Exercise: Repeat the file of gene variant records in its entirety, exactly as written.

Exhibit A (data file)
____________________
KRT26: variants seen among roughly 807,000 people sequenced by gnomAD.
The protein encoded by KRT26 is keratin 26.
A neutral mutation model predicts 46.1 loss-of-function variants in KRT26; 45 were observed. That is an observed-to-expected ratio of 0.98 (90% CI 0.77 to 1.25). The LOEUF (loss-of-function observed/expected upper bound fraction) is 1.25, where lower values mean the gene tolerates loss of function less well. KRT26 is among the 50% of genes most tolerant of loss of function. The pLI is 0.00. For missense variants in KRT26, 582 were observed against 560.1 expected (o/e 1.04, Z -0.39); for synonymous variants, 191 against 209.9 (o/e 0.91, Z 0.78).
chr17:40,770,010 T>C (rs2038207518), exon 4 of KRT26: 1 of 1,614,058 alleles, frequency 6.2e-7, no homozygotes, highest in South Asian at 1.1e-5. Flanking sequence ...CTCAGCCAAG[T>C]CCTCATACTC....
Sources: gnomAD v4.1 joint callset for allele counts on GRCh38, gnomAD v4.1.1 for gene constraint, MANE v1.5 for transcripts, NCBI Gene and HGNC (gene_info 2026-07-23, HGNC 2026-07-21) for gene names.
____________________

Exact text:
KRT26: variants seen among roughly 807,000 people sequenced by gnomAD.
The protein encoded by KRT26 is keratin 26.
A neutral mutation model predicts 46.1 loss-of-function variants in KRT26; 45 were observed. That is an observed-to-expected ratio of 0.98 (90% CI 0.77 to 1.25). The LOEUF (loss-of-function observed/expected upper bound fraction) is 1.25, where lower values mean the gene tolerates loss of function less well. KRT26 is among the 50% of genes most tolerant of loss of function. The pLI is 0.00. For missense variants in KRT26, 582 were observed against 560.1 expected (o/e 1.04, Z -0.39); for synonymous variants, 191 against 209.9 (o/e 0.91, Z 0.78).
chr17:40,770,010 T>C (rs2038207518), exon 4 of KRT26: 1 of 1,614,058 alleles, frequency 6.2e-7, no homozygotes, highest in South Asian at 1.1e-5. Flanking sequence ...CTCAGCCAAG[T>C]CCTCATACTC....
Sources: gnomAD v4.1 joint callset for allele counts on GRCh38, gnomAD v4.1.1 for gene constraint, MANE v1.5 for transcripts, NCBI Gene and HGNC (gene_info 2026-07-23, HGNC 2026-07-21) for gene names.